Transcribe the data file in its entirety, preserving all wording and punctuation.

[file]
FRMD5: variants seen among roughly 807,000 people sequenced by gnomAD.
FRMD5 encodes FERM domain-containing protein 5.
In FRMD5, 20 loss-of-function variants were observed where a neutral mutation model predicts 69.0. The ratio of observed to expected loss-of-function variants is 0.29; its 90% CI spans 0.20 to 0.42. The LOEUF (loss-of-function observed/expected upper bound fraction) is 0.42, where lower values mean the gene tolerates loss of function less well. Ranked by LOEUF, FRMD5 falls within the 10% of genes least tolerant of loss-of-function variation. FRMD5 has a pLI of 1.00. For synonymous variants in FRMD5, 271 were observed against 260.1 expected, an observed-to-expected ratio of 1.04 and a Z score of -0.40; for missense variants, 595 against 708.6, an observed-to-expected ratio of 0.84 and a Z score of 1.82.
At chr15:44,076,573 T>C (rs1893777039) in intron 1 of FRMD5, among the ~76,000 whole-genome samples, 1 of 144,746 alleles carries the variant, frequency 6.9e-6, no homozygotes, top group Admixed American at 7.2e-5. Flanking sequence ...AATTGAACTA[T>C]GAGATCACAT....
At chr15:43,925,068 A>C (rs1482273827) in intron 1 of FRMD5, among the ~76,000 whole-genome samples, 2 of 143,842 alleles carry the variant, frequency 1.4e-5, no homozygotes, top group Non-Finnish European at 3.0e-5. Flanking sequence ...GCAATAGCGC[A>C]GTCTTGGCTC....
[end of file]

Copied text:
FRMD5: variants seen among roughly 807,000 people sequenced by gnomAD.
FRMD5 encodes FERM domain-containing protein 5.
In FRMD5, 20 loss-of-function variants were observed where a neutral mutation model predicts 69.0. The ratio of observed to expected loss-of-function variants is 0.29; its 90% CI spans 0.20 to 0.42. The LOEUF (loss-of-function observed/expected upper bound fraction) is 0.42, where lower values mean the gene tolerates loss of function less well. Ranked by LOEUF, FRMD5 falls within the 10% of genes least tolerant of loss-of-function variation. FRMD5 has a pLI of 1.00. For synonymous variants in FRMD5, 271 were observed against 260.1 expected, an observed-to-expected ratio of 1.04 and a Z score of -0.40; for missense variants, 595 against 708.6, an observed-to-expected ratio of 0.84 and a Z score of 1.82.
At chr15:44,076,573 T>C (rs1893777039) in intron 1 of FRMD5, among the ~76,000 whole-genome samples, 1 of 144,746 alleles carries the variant, frequency 6.9e-6, no homozygotes, top group Admixed American at 7.2e-5. Flanking sequence ...AATTGAACTA[T>C]GAGATCACAT....
At chr15:43,925,068 A>C (rs1482273827) in intron 1 of FRMD5, among the ~76,000 whole-genome samples, 2 of 143,842 alleles carry the variant, frequency 1.4e-5, no homozygotes, top group Non-Finnish European at 3.0e-5. Flanking sequence ...GCAATAGCGC[A>C]GTCTTGGCTC....